To understand the hierarchy of life in evolutionary terms, we must explain why groups of one kind of individual, say cells, evolve into a new higher level individual, a multicellular organism. A fundamental step in this process is the division of labor into nonreproductive altruistic soma. The regA gene is critical for somatic differentiation in Volvox carteri, a multicellular species of volvocine algae. We report the sequence of regA-like genes and several syntenic markers from divergent species of Volvox. We show that regA evolved early in the volvocines and predict that lineages with and without soma descended from a regA-containing ancestor. We hypothesize an alternate evolutionary history of regA than the prevailing "proto-regA" hypothesis. The variation in presence of soma may be explained by multiple lineages independently evolving soma utilizing regA or alternate genetic pathways. Our prediction that the genetic basis for soma exists in species without somatic cells raises a number of questions, most fundamentally, under what conditions would species with the genetic potential for soma, and hence greater individuality, not evolve these traits. We conclude that the evolution of individuality in the volvocine algae is more complicated and labile than previously appreciated on theoretical grounds.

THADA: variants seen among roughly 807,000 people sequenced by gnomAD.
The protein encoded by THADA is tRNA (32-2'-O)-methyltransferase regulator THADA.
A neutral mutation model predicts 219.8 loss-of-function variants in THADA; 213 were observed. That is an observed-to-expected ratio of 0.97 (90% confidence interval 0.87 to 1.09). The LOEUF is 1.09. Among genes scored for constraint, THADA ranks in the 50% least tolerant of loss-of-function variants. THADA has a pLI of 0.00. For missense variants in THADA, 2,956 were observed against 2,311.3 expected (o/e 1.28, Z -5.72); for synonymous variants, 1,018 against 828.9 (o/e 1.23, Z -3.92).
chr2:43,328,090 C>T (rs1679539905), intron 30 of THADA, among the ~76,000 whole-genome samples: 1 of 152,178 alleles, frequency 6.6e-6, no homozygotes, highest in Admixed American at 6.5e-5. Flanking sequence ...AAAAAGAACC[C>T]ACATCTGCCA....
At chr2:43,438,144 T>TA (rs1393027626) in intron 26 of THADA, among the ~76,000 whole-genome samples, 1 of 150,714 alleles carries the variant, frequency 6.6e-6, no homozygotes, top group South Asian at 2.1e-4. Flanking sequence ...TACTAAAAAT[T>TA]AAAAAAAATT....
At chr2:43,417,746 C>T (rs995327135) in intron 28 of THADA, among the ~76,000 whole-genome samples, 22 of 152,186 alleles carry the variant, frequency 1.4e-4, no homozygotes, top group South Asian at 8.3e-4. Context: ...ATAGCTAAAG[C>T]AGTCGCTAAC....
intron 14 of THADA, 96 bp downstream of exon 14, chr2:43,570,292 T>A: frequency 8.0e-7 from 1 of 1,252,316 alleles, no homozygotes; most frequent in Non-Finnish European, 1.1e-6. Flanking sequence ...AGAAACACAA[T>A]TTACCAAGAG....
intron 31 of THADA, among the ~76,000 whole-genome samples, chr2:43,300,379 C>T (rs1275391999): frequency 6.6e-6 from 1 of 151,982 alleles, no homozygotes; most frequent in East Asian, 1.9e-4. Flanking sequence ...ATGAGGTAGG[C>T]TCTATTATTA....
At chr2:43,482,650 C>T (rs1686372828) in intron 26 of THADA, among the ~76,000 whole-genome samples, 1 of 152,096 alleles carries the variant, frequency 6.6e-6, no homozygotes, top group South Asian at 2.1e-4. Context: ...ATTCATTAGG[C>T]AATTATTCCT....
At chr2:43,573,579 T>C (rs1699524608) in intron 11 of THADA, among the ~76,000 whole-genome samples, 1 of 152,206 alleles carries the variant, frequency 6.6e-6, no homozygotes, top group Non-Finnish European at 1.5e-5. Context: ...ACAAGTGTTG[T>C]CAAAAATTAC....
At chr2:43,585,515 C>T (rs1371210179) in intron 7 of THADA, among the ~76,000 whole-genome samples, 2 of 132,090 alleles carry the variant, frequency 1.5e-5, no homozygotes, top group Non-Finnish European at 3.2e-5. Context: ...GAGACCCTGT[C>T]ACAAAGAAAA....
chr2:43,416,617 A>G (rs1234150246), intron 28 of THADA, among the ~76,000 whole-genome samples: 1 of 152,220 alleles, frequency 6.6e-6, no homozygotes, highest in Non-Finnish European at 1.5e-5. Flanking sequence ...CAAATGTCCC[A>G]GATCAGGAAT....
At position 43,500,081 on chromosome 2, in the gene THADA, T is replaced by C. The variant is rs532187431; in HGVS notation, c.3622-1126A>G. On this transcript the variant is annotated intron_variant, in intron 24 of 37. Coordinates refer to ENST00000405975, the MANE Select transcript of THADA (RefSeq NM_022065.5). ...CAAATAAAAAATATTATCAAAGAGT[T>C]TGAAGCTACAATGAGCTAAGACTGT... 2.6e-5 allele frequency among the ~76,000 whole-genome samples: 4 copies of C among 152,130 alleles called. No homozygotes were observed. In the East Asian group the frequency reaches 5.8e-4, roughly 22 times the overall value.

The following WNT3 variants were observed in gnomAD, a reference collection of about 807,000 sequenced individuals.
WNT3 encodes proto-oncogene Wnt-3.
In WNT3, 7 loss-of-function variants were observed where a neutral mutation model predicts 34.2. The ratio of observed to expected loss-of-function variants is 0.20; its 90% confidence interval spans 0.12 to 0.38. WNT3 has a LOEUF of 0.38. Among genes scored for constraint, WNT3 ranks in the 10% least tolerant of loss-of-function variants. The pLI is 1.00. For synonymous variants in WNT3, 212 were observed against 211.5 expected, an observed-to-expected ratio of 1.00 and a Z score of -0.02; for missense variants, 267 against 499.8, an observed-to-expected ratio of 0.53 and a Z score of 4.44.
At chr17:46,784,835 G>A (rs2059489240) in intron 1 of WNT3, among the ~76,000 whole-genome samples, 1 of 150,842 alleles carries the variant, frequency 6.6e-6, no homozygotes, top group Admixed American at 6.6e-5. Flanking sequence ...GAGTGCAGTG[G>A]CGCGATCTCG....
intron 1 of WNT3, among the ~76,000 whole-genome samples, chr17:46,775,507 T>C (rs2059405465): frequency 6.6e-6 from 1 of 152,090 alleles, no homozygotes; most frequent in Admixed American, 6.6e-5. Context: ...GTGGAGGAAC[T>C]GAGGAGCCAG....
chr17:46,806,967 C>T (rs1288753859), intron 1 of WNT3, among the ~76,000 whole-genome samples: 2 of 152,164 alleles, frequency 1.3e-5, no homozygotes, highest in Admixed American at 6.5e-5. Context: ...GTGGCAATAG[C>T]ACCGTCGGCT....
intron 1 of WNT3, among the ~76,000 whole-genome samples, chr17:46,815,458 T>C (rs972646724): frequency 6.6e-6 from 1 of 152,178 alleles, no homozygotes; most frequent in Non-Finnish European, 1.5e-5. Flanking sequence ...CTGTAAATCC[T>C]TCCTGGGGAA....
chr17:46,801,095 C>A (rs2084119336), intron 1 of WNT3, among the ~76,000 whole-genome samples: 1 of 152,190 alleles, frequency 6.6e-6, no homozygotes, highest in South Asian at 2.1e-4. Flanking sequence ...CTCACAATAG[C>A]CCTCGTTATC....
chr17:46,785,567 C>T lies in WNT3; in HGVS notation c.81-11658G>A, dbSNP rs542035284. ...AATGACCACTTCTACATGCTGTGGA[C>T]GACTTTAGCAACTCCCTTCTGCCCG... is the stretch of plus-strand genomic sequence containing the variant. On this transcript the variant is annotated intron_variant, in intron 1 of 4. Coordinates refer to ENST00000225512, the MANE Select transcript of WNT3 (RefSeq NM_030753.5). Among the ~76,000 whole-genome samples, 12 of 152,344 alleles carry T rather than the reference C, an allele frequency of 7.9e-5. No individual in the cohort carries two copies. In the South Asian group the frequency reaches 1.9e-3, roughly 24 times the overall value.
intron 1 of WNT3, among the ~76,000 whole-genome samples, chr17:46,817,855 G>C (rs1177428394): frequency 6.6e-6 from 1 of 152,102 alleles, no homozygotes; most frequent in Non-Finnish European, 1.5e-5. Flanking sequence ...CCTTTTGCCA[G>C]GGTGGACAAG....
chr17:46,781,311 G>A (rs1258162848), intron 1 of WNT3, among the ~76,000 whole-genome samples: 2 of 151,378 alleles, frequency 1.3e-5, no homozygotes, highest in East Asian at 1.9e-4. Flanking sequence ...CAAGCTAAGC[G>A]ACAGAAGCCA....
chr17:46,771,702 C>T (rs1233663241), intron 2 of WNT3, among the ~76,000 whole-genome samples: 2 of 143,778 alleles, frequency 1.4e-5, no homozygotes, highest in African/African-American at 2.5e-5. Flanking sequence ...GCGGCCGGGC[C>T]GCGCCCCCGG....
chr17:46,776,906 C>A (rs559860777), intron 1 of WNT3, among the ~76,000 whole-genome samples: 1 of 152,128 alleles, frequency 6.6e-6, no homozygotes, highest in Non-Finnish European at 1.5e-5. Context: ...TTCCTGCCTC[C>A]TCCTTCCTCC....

Heteromorphic sex-determining regions or mating-type loci can contain large regions of non-recombining sequence where selection operates under different constraints than in freely recombining autosomal regions. Detailed studies of these non-recombining regions can provide insights into how genes are gained and lost, and how genetic isolation is maintained between mating haplotypes or sex chromosomes. The Chlamydomonas reinhardtii mating-type locus (MT) is a complex polygenic region characterized by sequence rearrangements and suppressed recombination between its two haplotypes, MT+ and MT-. We used new sequence information to redefine the genetic contents of MT and found repeated translocations from autosomes as well as sexually controlled expression patterns for several newly identified genes. We examined sequence diversity of MT genes from wild isolates of C. reinhardtii to investigate the impacts of recombination suppression. Our population data revealed two previously unreported types of genetic exchange in Chlamydomonas MT--gene conversion in the rearranged domains, and crossover exchanges in flanking domains--both of which contribute to maintenance of genetic homogeneity between haplotypes. To investigate the cause of blocked recombination in MT we assessed recombination rates in crosses where the parents were homozygous at MT. While normal recombination was restored in MT+ ×MT+ crosses, it was still suppressed in MT- ×MT- crosses. These data revealed an underlying asymmetry in the two MT haplotypes and suggest that sequence rearrangements are insufficient to fully account for recombination suppression. Together our findings reveal new evolutionary dynamics for mating loci and have implications for the evolution of heteromorphic sex chromosomes and other non-recombining genomic regions.